IVC Filter Lawsuit

Medical device manufacturer, Bard is facing multiple IVC Filter Lawsuits filed by people or loved ones of those who suffered blood clots, pulmonary embolism, heart failure, hemorrhage or who died after receiving a Recovery or G2 IVC filter.

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Should I file an IVC filter lawsuit because the device malfunctioned?

People with IVC filters, especially those made by the Bard company, are filing lawsuits because of problems they experienced. Plaintiffs with the Recovery and G2 IVC filters have been injured and needed follow-up care to correct the damage caused by these filter. According to claims, the devices were poorly designed and Bard failed to warn consumers and the medical community about the risks.

Inferior vena cava (IVC) filters are medical devices that block blood clots from traveling to the lungs, which can be fatal. IVC filters are implanted in the body’s largest vein (the vena cava) when a person has an increased risk for blood clots. These metal filters catch the clot and hold it in place until it disintegrates naturally, so it cannot cause any damage.

Temporary IVC filters, like those made by Bard, are supposed to be removed as soon as the danger for clotting has passed. However, many people who were implanted with temporary filters still have them in place, despite the danger.

FDA Receives Adverse Event Reports

Many of the IVC filters on the market were approved via the FDA’s shortcut approval process known as 501(k). This allows medical products similar to those already on the market to be approved for sale without the usual tests required for new products.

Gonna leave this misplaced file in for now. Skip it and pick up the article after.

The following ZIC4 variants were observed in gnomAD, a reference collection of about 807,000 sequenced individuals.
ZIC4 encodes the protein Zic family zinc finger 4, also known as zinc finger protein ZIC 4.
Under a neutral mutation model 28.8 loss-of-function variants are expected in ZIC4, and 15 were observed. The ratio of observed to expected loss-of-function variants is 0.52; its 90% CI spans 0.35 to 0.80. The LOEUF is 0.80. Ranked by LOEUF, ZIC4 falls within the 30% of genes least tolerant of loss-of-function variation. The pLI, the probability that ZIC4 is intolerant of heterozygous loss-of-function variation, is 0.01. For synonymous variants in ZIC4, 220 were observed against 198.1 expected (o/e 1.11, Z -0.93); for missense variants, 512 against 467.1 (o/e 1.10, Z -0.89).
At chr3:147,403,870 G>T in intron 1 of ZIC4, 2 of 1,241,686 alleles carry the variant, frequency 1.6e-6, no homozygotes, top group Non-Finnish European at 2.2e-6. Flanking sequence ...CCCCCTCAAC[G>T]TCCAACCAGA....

By 2010, the FDA had received nearly 1000 adverse event reports related to IVC filters. These reports include:

  • Device embolism: detachment of parts traveled throughout the body
  • Device migration: entire device moved from original site
  • Filter perforation or fracture: device broke and/or punctured tissue in the body

In response to the numerous reports, the FDA issued an advisory warning to doctors. The warning alerted doctors to the fact these retrievable devices should be removed and if left in place too long, would cause serious complications.

Medical studies confirmed the danger and showed a high failure rate for Bard’s Recovery and G2 filters. Data showed complications that included:

  • Venous wall puncture
  • Venous thrombosis
  • Pulmonary embolism
  • Device removal failure

According to one of the studies, only nine percent of the retrievable devices had been removed – leaving 91 percent of IVC filter recipients at risk.

FDA Updates Warning

In 2014, the FDA issued an updated warning about IVC filter. The warning called for doctors to remove retrievable IVC devices within 29 to 54 days of implantation.

Patients who are left with devices beyond the encouraged removal date are at risk for:

  • Severe pain
  • Blood clots
  • Hemorrhaging due to perforation
  • Pulmonary embolism
  • Heart failure
  • Death

IVC Filter Lawsuits

As a result of the problems with IVC filters many users have filed lawsuits against Bard. The first case to go to trial settled in 2015 after just 10 days of litigation. The plaintiff in the case was forced to undergo open heart surgery following device embolism that perforated his heart.

Additional lawsuits included claims of:

  • Device fracture and migration to the renal vein
  • Device embolism in the heart
  • Devices migration to the pulmonary artery